Thousands of Puerto Rico Students Fled to Florida Schools. Now, District Wants Waivers So They Can Graduate
Since hurricanes devastated Puerto Rico and the U.S. Virgin Islands last fall, more than 8,500 of their students have flocked to public schools in Florida, aided in part by state waivers that eased their enrollment process amid the crisis.
With these students now integrated into classrooms, however, Florida school district leaders are calling on state officials to lower roadblocks to the graduation stage.
Alberto Carvalho, the superintendent at Miami-Dade County Public Schools, is urging state Education Department officials to waive testing requirements for displaced students who landed in Florida schools late in their high school careers. Without state accountability waivers, he said, dozens of students displaced by the storm could be held back, even though they were on track to graduate before they fled their island homes.
“It seems just fair to work with the state in terms of extending some protections, number one, for speedy, swift registration,” Carvalho said. “But then also — particularly for senior high school students who are expecting to graduate this year or next year — to not necessarily put before them barriers for graduation requirements specific to the state of Florida that could hold them back.”
Specifically, Carvalho and other district leaders are requesting that the state allow some displaced students to skip the Florida Standards Assessment, a state test administered to students in 10th grade that’s required for graduation. Requiring students in 11th and 12th grade to take the exam if they’ve met all other graduation requirements, “particularly in English if they are English-language-limited,” he said, “would not be a fair condition for them.” Puerto Rican schools operate in Spanish, whereas Florida’s state tests are administered solely in English.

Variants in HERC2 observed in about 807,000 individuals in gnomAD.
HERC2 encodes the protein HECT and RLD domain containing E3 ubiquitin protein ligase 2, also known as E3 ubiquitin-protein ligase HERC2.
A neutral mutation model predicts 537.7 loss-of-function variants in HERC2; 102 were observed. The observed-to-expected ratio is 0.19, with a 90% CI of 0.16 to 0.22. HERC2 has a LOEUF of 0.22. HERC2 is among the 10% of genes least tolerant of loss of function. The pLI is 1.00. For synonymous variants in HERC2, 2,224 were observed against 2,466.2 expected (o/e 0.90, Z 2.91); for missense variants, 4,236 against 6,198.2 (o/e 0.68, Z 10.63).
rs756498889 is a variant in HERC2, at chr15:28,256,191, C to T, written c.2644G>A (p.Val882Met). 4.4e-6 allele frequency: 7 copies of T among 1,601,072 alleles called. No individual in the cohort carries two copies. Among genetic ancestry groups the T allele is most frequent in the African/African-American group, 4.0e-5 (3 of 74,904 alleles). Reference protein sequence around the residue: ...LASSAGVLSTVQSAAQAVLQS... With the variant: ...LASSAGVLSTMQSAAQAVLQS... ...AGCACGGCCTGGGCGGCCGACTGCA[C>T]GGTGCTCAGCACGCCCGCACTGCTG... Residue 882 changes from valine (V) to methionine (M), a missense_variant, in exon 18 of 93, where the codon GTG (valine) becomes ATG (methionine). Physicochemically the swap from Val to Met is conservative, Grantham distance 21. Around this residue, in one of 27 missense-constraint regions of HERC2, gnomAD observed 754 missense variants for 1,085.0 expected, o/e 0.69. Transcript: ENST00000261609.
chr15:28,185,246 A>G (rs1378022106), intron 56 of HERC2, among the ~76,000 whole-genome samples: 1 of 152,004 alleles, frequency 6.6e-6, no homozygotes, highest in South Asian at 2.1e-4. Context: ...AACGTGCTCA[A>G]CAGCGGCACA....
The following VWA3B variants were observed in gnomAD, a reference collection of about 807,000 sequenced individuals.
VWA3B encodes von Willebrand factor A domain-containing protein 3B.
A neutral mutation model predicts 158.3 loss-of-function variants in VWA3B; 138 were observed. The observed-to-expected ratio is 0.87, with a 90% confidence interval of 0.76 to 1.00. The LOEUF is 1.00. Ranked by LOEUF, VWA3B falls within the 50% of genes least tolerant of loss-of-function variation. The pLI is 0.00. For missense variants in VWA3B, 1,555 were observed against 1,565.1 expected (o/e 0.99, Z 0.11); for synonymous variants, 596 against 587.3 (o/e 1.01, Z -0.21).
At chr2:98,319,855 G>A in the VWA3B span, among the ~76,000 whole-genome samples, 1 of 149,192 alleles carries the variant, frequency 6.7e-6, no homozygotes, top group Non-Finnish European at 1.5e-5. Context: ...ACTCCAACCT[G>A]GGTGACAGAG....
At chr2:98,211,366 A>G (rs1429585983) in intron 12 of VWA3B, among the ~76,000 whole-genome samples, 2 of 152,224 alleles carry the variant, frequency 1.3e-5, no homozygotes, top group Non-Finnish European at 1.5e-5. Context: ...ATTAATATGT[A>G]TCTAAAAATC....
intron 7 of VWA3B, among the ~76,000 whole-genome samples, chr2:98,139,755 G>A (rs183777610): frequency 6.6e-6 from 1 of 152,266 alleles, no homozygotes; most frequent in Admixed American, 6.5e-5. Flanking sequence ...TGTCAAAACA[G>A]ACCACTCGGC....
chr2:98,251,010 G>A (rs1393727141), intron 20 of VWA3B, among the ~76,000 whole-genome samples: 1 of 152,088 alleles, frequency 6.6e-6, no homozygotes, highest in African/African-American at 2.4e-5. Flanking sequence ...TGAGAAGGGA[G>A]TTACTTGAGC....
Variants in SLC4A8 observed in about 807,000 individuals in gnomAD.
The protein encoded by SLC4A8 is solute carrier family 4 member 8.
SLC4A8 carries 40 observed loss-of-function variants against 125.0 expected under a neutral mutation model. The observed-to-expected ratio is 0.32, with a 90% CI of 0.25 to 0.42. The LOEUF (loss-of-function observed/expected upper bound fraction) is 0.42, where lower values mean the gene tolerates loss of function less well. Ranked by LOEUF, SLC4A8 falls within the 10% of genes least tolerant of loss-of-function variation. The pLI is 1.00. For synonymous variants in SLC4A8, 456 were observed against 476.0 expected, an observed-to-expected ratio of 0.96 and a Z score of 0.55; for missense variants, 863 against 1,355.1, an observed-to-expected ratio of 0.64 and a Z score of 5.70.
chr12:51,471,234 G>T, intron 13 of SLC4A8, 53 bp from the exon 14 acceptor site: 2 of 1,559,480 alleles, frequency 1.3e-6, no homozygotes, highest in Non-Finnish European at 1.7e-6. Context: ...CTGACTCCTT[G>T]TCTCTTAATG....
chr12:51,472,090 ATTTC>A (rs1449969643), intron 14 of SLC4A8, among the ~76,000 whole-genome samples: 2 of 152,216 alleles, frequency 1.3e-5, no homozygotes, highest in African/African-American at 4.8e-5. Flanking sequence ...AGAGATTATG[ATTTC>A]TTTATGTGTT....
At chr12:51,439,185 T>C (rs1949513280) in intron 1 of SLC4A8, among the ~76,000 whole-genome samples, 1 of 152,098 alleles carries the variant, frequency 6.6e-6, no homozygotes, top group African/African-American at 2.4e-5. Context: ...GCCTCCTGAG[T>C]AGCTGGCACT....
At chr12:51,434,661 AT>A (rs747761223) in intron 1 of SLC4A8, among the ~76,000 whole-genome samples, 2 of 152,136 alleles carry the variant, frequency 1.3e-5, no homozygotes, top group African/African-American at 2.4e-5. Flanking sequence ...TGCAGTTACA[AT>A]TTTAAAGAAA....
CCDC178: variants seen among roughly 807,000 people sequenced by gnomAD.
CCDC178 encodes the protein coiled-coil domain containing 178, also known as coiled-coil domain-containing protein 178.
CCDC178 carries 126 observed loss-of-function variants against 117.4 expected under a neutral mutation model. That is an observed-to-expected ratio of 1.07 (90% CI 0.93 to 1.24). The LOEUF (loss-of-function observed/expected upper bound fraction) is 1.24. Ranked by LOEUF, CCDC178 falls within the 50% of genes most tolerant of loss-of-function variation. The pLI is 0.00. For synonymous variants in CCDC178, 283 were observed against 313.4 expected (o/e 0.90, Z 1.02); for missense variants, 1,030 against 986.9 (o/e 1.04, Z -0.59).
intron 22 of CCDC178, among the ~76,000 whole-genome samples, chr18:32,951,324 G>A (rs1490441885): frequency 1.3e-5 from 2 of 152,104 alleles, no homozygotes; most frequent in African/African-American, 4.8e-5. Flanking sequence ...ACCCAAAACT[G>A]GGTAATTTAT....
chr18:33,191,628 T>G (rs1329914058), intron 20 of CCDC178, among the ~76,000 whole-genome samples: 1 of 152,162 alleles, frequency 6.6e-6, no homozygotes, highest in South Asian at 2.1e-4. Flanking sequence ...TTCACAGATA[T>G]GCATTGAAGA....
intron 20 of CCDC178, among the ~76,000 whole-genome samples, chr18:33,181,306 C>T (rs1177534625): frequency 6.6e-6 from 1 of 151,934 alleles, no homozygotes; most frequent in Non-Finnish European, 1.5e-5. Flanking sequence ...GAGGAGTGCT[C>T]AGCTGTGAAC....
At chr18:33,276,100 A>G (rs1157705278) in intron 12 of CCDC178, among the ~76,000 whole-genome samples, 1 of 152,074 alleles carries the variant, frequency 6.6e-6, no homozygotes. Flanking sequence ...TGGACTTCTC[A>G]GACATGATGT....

“That’s why I’m fighting for these kids,” he said. “I think that if they were demonstrating on-grade proficiency in Puerto Rico, if they were on track in terms of credits necessary for graduation, if they have met the prerequisites for graduation, then I think a degree of compassion ought to be extended to them and provide them safe passage to the graduation stage.”
Hurricane Maria hit Puerto Rico on Sept. 20 and closed all 1,113 public schools on the island. After months of roadblocks, Puerto Rico Education Secretary Julia Keleher told Education Week earlier this week that 1,075 schools have now reopened, while 38 campuses have been shuttered permanently because of storm damage. Meanwhile, the island’s “fluid” student enrollment, Keleher said, stands at 331,000, compared with 350,000 before Maria hit.
So far, more than 7,750 students from Puerto Rico and more than 750 from the Virgin Islands have enrolled in Florida public schools, according to the state’s most recent tally Nov. 28. Orange County Public Schools in Orlando has seen the largest share, enrolling more than 2,200 kids from the two territories, followed by the School District of Osceola County in Kissimmee, which has enrolled more than 1,200 students. In Miami, nearly 800 students from Puerto Rico and the Virgin Islands have landed in Carvalho’s classrooms, according to the latest state tally.